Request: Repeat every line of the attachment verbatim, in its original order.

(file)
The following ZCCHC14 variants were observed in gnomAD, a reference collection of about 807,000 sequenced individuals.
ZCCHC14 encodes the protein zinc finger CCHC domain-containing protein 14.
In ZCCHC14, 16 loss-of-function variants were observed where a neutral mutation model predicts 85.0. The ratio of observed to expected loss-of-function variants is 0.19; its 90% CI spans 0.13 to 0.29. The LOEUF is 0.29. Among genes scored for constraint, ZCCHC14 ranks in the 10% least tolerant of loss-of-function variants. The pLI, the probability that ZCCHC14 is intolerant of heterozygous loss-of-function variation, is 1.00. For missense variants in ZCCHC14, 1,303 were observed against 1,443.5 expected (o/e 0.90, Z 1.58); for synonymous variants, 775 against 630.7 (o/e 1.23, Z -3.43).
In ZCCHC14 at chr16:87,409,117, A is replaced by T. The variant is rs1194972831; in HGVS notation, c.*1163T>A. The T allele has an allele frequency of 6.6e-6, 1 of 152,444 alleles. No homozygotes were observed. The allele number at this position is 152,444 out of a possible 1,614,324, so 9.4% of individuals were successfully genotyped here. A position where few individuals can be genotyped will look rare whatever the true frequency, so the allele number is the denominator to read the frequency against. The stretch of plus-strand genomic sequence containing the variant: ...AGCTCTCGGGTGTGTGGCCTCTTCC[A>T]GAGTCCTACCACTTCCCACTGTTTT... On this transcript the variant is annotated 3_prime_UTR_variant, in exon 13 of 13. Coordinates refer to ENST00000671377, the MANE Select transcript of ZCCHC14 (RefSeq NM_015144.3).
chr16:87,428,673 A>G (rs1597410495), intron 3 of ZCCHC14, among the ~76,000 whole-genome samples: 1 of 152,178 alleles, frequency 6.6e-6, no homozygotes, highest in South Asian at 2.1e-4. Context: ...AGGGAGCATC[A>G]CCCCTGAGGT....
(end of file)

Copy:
The following ZCCHC14 variants were observed in gnomAD, a reference collection of about 807,000 sequenced individuals.
ZCCHC14 encodes the protein zinc finger CCHC domain-containing protein 14.
In ZCCHC14, 16 loss-of-function variants were observed where a neutral mutation model predicts 85.0. The ratio of observed to expected loss-of-function variants is 0.19; its 90% CI spans 0.13 to 0.29. The LOEUF is 0.29. Among genes scored for constraint, ZCCHC14 ranks in the 10% least tolerant of loss-of-function variants. The pLI, the probability that ZCCHC14 is intolerant of heterozygous loss-of-function variation, is 1.00. For missense variants in ZCCHC14, 1,303 were observed against 1,443.5 expected (o/e 0.90, Z 1.58); for synonymous variants, 775 against 630.7 (o/e 1.23, Z -3.43).
In ZCCHC14 at chr16:87,409,117, A is replaced by T. The variant is rs1194972831; in HGVS notation, c.*1163T>A. The T allele has an allele frequency of 6.6e-6, 1 of 152,444 alleles. No homozygotes were observed. The allele number at this position is 152,444 out of a possible 1,614,324, so 9.4% of individuals were successfully genotyped here. A position where few individuals can be genotyped will look rare whatever the true frequency, so the allele number is the denominator to read the frequency against. The stretch of plus-strand genomic sequence containing the variant: ...AGCTCTCGGGTGTGTGGCCTCTTCC[A>T]GAGTCCTACCACTTCCCACTGTTTT... On this transcript the variant is annotated 3_prime_UTR_variant, in exon 13 of 13. Coordinates refer to ENST00000671377, the MANE Select transcript of ZCCHC14 (RefSeq NM_015144.3).
chr16:87,428,673 A>G (rs1597410495), intron 3 of ZCCHC14, among the ~76,000 whole-genome samples: 1 of 152,178 alleles, frequency 6.6e-6, no homozygotes, highest in South Asian at 2.1e-4. Context: ...AGGGAGCATC[A>G]CCCCTGAGGT....